Many French might think that by rejecting the constitution they can make all these things just go away. It won't happen. For the past 20 years, France has suffered from chronic unemployment, currently at 10.2%. While the economy grew 2.5% last year against an E.U. average of 2.4% that still hasn't generated enough jobs. For a generation, budget deficits have become almost as common as labor strikes. And French productivity per employee increased at just half the rate of the rest of the world between 1995 and 2003, according to a report released last week by the Conference Board, a business-oriented research institute in New York City. If the French want to keep their social model intact, they'll have to figure out a way to pay for it. "The perception people have of the future Will our children's lives be better or worse than ours? is at a low," says Frenchman Pascal Lamy, the former European Trade Commissioner who's expected to take over as president of the World Trade Organization (wto) later this year. "People feel they have to work more to make less." It's largely that sense of malaise that could drive a majority of French voters to scupper the European constitution on Sunday, bringing the E.U.'s drive toward "ever closer union" to a grinding halt.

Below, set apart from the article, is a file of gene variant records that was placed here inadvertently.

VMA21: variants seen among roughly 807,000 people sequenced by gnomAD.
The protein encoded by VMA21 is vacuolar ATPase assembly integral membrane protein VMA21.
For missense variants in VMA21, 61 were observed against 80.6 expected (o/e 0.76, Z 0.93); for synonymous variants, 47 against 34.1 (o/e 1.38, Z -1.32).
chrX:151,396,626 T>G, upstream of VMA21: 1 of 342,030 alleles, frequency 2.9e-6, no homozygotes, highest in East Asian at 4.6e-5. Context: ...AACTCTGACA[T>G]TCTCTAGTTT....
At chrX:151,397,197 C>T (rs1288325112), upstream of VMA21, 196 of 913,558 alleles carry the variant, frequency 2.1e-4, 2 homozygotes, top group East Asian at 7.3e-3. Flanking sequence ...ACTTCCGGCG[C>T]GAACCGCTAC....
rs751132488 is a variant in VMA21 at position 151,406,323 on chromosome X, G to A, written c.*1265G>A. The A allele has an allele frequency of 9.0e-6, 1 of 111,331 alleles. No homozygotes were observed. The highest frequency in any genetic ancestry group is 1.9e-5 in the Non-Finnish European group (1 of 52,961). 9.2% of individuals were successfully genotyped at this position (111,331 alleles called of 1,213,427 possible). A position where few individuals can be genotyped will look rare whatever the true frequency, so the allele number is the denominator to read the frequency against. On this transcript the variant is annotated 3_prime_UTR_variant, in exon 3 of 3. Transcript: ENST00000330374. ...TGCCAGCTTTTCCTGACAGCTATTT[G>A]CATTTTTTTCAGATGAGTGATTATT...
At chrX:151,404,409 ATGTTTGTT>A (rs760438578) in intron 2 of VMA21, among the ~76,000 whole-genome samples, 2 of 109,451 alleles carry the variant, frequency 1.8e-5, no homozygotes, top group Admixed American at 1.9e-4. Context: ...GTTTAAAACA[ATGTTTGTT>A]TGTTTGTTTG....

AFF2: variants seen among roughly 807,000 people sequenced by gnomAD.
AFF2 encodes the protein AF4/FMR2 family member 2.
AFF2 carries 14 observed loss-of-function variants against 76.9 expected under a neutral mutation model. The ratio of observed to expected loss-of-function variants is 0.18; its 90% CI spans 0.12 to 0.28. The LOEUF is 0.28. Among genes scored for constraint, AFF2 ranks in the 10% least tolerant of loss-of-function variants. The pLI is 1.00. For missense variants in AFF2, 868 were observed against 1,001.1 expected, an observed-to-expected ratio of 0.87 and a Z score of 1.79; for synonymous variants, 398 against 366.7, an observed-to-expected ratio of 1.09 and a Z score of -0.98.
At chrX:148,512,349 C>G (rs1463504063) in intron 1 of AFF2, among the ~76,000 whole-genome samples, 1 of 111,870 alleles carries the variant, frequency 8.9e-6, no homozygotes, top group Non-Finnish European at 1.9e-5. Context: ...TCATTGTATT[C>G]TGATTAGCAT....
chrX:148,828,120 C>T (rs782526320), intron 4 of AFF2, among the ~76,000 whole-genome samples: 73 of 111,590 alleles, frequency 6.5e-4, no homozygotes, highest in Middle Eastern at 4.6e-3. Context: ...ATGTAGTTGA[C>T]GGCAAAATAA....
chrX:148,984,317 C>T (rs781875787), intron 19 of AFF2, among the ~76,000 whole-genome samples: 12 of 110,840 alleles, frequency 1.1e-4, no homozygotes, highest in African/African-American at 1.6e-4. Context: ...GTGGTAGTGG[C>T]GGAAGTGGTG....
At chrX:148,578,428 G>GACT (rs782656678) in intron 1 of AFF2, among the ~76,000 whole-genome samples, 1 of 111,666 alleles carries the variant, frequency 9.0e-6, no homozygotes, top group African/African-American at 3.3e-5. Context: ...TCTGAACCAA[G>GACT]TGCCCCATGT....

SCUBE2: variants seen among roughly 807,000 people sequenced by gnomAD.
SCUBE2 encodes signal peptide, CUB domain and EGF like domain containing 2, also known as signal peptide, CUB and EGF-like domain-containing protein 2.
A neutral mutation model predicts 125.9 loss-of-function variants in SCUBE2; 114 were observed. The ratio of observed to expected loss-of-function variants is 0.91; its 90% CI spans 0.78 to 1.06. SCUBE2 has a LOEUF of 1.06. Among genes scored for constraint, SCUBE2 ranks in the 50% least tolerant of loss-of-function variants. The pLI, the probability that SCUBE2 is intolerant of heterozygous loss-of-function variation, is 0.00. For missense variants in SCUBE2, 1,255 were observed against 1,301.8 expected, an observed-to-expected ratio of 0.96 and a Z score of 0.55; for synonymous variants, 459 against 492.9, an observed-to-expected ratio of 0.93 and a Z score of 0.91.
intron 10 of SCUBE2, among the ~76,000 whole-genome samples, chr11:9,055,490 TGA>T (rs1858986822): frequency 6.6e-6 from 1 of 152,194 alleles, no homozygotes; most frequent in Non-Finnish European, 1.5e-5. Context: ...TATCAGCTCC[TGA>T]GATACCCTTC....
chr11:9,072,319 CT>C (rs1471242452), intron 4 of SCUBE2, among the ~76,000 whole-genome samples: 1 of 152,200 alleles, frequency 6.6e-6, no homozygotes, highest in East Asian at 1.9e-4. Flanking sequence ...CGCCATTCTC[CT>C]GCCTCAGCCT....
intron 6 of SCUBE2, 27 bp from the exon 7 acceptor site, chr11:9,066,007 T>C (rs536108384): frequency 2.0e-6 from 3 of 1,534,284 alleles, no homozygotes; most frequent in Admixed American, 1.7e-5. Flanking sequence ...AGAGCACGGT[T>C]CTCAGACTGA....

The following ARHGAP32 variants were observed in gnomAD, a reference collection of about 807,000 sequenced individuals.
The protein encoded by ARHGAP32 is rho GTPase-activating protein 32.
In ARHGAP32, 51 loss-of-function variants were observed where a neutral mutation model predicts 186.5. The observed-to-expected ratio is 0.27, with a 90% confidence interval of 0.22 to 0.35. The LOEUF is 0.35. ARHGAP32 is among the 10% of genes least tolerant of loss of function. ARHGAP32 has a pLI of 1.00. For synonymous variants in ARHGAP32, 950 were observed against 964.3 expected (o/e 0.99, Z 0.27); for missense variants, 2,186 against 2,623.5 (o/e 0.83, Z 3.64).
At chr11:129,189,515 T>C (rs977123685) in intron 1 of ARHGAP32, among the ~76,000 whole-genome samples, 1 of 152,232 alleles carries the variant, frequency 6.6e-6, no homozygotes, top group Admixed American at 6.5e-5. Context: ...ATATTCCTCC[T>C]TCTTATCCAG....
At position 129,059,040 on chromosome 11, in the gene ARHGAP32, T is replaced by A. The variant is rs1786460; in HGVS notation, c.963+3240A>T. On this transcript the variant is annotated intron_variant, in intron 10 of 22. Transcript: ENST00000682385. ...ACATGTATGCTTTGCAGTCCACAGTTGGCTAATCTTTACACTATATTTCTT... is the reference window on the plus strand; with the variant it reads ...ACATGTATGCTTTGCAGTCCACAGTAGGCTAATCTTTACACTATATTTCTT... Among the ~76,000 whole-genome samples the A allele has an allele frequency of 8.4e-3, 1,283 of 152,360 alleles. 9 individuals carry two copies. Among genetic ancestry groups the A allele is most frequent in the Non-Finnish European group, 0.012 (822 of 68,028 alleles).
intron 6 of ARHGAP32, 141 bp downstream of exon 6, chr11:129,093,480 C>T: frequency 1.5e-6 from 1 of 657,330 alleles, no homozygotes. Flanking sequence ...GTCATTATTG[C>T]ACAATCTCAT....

The debate has centered mainly on whether the constitution is or isn't a kind of Trojan horse by which the dreaded "Anglo-Saxon liberalism" i.e., unfettered free-market capitalism will be given free rein in France, gnawing at such hard-won social gains as the 35-hour workweek, well-funded public services and strong protection against layoffs. On the far left, Marie-George Buffet, national secretary of the French Communist Party, said that bringing the constitution down "will be an extraordinary signal to all the world's peoples that the wto and Bush will no longer reign as their masters." On the far right,